El Chapo was calm throughout but witness recalls he was ‘very afraid’
by the El Reportero‘s wire services
A former technology guru for the Sinaloa Cartel told jurors this week at the New York trial of Joaquín “El Chapo” Guzmán that he spent three days with the former drug lord in the Sinaloa mountains while on the run from the Mexican army.
Cristian Rodríguez, a Colombian info-tech expert who set up an encrypted communications system for Guzmán, told the court that in 2009, the military raided the kingpin’s secret hideout in the northern state.
Rodríguez said that he, Guzmán, other cartel leaders and a band of heavily armed bodyguards fled into the mountainous terrain to evade capture.
The witness said the gunmen carried both large weapons and one enormous weapon “capable of shooting down a helicopter.”
After their first day on the lam, the men slept in a small house, Rodríguez said. The second night was spent exposed to the elements.
“Chapo was very calm,” the I.T. specialist told jurors. “He was always very sure, calm, tranquil.”
Asked by a prosecutor how he felt during the ordeal, Rodríguez responded: “Very afraid.”
On their third day on the run, the 32-year-old witness said, they reached another house where they were given a meal, after which they got a lift to Culiacán, the Sinaloa state capital.
After that experience, Rodríguez said, he worked for the cartel remotely from Colombia.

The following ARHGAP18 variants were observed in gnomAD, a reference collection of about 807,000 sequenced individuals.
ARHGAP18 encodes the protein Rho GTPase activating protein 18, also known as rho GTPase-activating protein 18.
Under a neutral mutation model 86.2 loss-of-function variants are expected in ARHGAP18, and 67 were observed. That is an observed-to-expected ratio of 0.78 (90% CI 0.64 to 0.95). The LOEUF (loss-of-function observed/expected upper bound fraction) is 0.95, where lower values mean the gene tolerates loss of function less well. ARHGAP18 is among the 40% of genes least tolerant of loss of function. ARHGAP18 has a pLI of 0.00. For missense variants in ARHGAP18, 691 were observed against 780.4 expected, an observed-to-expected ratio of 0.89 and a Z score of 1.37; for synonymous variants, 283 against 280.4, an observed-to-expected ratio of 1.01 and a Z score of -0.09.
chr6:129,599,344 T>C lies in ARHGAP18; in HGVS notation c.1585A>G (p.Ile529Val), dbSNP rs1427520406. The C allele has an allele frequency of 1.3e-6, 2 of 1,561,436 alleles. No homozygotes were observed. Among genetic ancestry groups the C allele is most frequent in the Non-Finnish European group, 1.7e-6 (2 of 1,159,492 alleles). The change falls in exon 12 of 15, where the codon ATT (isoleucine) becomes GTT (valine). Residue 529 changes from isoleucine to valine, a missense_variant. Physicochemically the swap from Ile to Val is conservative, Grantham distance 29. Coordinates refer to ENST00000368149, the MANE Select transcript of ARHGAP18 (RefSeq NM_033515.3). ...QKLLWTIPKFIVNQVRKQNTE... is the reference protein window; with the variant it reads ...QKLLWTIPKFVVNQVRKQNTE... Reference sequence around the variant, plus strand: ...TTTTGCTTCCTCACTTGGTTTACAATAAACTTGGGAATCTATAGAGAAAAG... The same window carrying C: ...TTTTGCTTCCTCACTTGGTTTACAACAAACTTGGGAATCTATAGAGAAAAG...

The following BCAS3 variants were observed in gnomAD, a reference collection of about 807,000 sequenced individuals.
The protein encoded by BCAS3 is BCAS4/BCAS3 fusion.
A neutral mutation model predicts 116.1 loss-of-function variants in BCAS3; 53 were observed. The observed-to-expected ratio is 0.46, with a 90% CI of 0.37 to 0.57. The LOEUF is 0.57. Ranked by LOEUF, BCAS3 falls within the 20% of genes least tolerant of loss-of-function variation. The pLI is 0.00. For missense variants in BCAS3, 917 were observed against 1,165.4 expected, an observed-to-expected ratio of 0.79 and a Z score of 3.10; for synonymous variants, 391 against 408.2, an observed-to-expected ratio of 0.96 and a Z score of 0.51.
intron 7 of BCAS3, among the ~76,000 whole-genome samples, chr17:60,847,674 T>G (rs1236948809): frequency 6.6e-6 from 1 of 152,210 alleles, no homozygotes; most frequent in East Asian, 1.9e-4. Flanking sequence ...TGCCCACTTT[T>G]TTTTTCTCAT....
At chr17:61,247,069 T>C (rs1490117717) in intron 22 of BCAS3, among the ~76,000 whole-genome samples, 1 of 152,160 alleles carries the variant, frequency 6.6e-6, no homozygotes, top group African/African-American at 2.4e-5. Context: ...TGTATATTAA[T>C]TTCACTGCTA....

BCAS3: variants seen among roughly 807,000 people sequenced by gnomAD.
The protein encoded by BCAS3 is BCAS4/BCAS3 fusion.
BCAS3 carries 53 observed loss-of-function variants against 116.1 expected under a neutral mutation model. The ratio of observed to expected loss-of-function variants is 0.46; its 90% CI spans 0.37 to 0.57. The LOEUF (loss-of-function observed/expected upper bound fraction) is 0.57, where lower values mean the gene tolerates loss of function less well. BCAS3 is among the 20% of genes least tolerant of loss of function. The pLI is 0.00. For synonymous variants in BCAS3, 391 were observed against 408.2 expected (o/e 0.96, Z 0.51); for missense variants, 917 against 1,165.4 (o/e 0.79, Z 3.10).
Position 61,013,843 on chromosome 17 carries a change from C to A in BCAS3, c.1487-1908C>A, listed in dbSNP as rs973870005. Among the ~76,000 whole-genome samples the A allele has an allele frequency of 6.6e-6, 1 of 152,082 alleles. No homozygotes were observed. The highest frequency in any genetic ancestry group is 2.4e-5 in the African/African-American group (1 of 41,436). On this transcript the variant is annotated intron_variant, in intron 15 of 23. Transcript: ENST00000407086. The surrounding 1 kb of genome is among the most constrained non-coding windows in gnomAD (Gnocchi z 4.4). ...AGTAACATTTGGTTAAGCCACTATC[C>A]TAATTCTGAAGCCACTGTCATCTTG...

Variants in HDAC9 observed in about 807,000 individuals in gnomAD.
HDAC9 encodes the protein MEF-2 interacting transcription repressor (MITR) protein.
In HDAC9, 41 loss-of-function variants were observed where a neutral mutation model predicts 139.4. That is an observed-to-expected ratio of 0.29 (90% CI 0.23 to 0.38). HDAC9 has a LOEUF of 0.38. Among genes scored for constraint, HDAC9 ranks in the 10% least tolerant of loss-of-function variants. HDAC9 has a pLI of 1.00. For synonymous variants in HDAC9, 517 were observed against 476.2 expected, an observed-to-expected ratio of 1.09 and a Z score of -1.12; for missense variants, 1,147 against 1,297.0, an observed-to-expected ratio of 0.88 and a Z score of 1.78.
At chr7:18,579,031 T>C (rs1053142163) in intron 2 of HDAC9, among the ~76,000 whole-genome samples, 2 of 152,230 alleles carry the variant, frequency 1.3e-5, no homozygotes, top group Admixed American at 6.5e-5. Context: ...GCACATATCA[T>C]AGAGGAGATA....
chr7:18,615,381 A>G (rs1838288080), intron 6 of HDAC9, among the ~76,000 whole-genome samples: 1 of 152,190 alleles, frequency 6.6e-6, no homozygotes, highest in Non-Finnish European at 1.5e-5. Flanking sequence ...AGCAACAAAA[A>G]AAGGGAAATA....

However, according to court testimony Tuesday by Federal Bureau of Investigation special agent Stephen Marston, Rodríguez started cooperating with the FBI in 2011 by helping it to infiltrate the encrypted communications system he developed.
He sent recordings of Guzmán’s calls to the FBI and also installed an automatic recording system that allowed United States authorities to listen in to the kingpin’s conversations almost in real time.
This week, jurors heard excerpts of self-incriminating telephone calls the suspected former Sinaloa Cartel chief made to business partners, criminal associates, hired guns and corrupt officials.
Marston said Tuesday that undercover FBI agents had posed as Russian mobsters at a meeting with Rodríguez in a New York hotel in 2010, where one agent told him that he was interested in acquiring an encrypted communications system so that he could speak to criminal associates without law enforcement listening in.
Rodríguez said yesterday that he agreed to work for the FBI after two federal agents approached him in Bogotá, Colombia, the following year, saying that they knew he worked for Guzmán and that he was “in serious trouble.”
Rodríguez also installed a GPS system on the cell phone of Jorge Cifuentes, a criminal associate of Guzmán’s who had recommended him for the IT job. Cifuentes was arrested shortly after. He has also testified against Guzmán.
The tech guru told jurors that after the Sinaloa Cartel became aware that he was cooperating with the FBI, he panicked and fled to the United States, where he had a “nervous breakdown.”
Rodríguez has not faced any criminal charges and, according to a report by the Associated Press, has received US $480,000 from the United States government in exchange for his cooperation.
Guzmán, who was extradited to the United States in January 2017, is facing multiple charges of drug trafficking, conspiracy, money laundering and weapons offenses.
Since his trial started in mid-November, several cartel witnesses have testified against him, giving testimony about bribes the kingpin paid to corrupt officials, the life of luxury he led, his first prison break inside a laundry cart, multi-tonne drug shipments and bitter cartel wars, among other tales.
If convicted, Guzmán faces probable life imprisonment. The trial resumes Monday.
Source: The Associated Press (sp), The New York Times (en).